The ultimate determination in the case depends upon a consideration of the extent to which, in matters of substance, Monaco delegated to Durant, and Durant undertook to perform for Monaco, "a specific part of the labor or material requirements of the original contract, thus excluding ordinary laborers and materialmen," MacEvoy Co. v. United States, supra.

Viewed only from the standpoint of cost, Monaco delegated a substantial portion of its responsibility under the prime contract to Durant. Of course, in many contracts the cost of materials may well exceed the cost of labor, so that it does not necessarily follow that because the cost of materials is a substantial portion of the total cost of the prime contract the material supplier is thus converted into a subcontractor. But here the materials were not in any sense standard materials *182 but, rather, were customized for this particular project. Several courts have held that a supplier of prefabricated and customized materials, prepared in such condition that they are ready for immediate installation, is enough to render the supplier a subcontractor, even though the supplier does not have many services in reference to installation, United States v. John A. Johnson & Sons, 137 F. Supp. 562 (D.C.W.D.Pa.1955), Basich Bros. Const. Co. v. United States, 159 F.2d 182 (9 Cir., 1946). This view, however, has been rejected by this Court in United States v. Wright Contracting Company, supra, cf. United States v. Blount Brothers Construction Co., 168 F. Supp. 407 (D.C.Md.1958), but this case does not turn precisely on this point, because Durant did more than supply prefabricated materials.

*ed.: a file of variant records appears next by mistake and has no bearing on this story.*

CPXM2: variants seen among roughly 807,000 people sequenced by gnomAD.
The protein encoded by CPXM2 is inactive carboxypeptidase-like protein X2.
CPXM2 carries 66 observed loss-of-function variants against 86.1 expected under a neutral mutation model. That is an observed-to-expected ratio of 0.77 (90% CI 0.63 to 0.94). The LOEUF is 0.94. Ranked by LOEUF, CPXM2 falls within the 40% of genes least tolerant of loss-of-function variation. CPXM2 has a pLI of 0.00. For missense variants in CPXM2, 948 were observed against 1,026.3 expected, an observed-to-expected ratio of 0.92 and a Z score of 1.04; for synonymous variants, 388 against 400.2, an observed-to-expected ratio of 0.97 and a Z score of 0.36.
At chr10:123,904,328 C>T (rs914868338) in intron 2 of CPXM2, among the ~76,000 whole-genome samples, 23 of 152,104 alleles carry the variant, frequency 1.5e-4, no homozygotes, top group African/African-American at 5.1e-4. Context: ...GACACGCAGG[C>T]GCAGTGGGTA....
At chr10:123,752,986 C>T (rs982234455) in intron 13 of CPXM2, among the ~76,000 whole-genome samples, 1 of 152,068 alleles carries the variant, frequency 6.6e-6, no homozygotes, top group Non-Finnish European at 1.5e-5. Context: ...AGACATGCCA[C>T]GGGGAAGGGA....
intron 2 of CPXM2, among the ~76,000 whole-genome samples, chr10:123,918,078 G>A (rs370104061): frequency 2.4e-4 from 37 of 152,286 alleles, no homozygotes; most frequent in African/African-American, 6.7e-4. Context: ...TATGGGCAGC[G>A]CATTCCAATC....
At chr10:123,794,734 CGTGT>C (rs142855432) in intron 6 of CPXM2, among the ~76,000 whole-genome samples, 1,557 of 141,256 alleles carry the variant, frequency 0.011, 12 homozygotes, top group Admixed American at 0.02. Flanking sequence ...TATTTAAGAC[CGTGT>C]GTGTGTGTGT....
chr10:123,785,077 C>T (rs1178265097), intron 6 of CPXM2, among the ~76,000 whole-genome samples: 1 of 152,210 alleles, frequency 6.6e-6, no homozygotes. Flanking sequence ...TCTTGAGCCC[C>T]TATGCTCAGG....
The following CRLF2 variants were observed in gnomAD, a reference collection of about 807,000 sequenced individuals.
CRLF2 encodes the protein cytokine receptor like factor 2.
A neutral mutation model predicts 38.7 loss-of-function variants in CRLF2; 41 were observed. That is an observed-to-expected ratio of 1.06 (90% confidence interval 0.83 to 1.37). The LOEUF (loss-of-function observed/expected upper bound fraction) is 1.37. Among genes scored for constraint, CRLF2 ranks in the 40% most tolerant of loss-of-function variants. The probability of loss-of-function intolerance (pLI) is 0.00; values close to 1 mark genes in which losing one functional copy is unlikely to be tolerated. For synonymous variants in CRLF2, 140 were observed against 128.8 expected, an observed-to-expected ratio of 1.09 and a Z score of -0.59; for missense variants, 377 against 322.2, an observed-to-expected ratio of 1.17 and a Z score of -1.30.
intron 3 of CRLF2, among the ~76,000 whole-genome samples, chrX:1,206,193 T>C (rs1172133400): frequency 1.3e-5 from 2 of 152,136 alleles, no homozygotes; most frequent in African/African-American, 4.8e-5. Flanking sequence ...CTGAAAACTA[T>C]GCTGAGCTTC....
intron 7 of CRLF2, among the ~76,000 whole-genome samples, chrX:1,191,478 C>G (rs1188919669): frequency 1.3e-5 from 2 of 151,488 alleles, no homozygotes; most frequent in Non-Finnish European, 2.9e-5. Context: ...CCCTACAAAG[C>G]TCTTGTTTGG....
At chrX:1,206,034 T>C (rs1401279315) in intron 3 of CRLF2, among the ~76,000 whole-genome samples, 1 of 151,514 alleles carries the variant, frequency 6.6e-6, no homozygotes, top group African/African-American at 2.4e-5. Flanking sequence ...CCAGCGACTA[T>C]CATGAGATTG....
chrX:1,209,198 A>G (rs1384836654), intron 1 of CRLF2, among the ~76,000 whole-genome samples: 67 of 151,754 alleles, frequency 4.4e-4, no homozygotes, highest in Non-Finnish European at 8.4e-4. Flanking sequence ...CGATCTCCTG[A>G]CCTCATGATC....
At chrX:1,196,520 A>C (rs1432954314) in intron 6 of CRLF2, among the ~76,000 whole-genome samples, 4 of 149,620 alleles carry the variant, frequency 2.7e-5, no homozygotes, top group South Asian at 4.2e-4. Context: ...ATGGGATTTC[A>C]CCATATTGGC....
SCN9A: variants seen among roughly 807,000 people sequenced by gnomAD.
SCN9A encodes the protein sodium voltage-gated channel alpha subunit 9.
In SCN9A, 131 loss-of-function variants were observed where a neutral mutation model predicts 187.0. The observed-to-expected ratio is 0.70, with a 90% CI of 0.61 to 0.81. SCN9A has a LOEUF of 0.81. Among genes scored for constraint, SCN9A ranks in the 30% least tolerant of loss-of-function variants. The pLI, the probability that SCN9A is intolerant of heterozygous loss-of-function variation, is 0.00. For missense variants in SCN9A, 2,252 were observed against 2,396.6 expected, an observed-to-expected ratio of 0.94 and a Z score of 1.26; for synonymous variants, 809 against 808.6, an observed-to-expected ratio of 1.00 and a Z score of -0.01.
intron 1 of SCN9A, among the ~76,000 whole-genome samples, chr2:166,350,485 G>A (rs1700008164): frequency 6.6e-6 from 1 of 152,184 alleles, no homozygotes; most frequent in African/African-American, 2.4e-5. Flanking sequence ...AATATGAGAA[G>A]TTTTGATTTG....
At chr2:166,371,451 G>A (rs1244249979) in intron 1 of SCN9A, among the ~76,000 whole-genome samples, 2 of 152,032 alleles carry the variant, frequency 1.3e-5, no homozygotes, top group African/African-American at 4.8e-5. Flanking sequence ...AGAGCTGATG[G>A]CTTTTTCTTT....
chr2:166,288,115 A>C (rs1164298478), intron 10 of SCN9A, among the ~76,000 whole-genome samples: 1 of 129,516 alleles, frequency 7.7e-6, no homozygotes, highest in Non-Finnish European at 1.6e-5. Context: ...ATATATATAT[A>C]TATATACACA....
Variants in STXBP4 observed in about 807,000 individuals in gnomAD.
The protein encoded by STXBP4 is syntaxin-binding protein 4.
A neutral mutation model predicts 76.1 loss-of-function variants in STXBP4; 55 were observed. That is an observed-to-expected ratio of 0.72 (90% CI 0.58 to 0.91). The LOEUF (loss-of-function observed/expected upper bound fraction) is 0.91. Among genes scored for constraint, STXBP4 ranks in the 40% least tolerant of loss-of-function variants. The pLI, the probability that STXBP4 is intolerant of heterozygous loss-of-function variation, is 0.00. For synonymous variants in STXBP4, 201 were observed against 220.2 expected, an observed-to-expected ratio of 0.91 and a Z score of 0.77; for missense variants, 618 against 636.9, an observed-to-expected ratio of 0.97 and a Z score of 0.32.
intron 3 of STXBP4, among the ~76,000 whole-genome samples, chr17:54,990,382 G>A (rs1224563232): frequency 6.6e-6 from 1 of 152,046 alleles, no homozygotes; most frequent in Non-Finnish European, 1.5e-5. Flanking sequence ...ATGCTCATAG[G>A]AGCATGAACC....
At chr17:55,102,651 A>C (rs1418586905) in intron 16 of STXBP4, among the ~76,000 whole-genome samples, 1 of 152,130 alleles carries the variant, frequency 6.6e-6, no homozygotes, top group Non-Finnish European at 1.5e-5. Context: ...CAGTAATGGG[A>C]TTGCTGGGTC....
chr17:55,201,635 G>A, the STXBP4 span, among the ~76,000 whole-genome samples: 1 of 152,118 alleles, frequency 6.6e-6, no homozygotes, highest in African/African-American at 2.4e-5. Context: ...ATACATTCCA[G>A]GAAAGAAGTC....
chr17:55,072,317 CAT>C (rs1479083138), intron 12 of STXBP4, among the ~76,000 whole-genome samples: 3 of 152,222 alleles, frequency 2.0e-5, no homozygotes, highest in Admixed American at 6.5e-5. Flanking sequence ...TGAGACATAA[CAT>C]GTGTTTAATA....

The facts disclose that, insofar as installation was concerned, Durant performed very essential services. It is true that Durant did not perform the gross labor in placing pipes in ditches and joining them, but a large portion of the work which Durant did not perform could be performed by common laborers provided that they acted under the supervision which Durant did provide. Even before the matter of actual installation, the prime contract imposed on Monaco the obligation to translate specifications and general design prescribed by the Corps of Engineers into an actual working program, including drawings. This function was delegated to and performed by Durant. As the work progressed and the impossibility of the specifications that welds be hot-dipped galvanized was rendered apparent, the conclusion is inescapable that ultimate negotiation and ultimate solution of the dispute which ensued was delegated to Durant and carried out by Durant, not only in the negotiations leading up to solution, but the guarantee on which the solution was predicated. If a special guarantee were to be required, it would seem axiomatic that the guarantee would be required of Monaco, which, under the prime contract, had given a general guarantee, but, in fact, the guarantee was given by Durant and the Corps of Engineers, notwithstanding that it did not consider Durant a subcontractor within the formal requirements of the prime contract, was willing to accept and rely on it.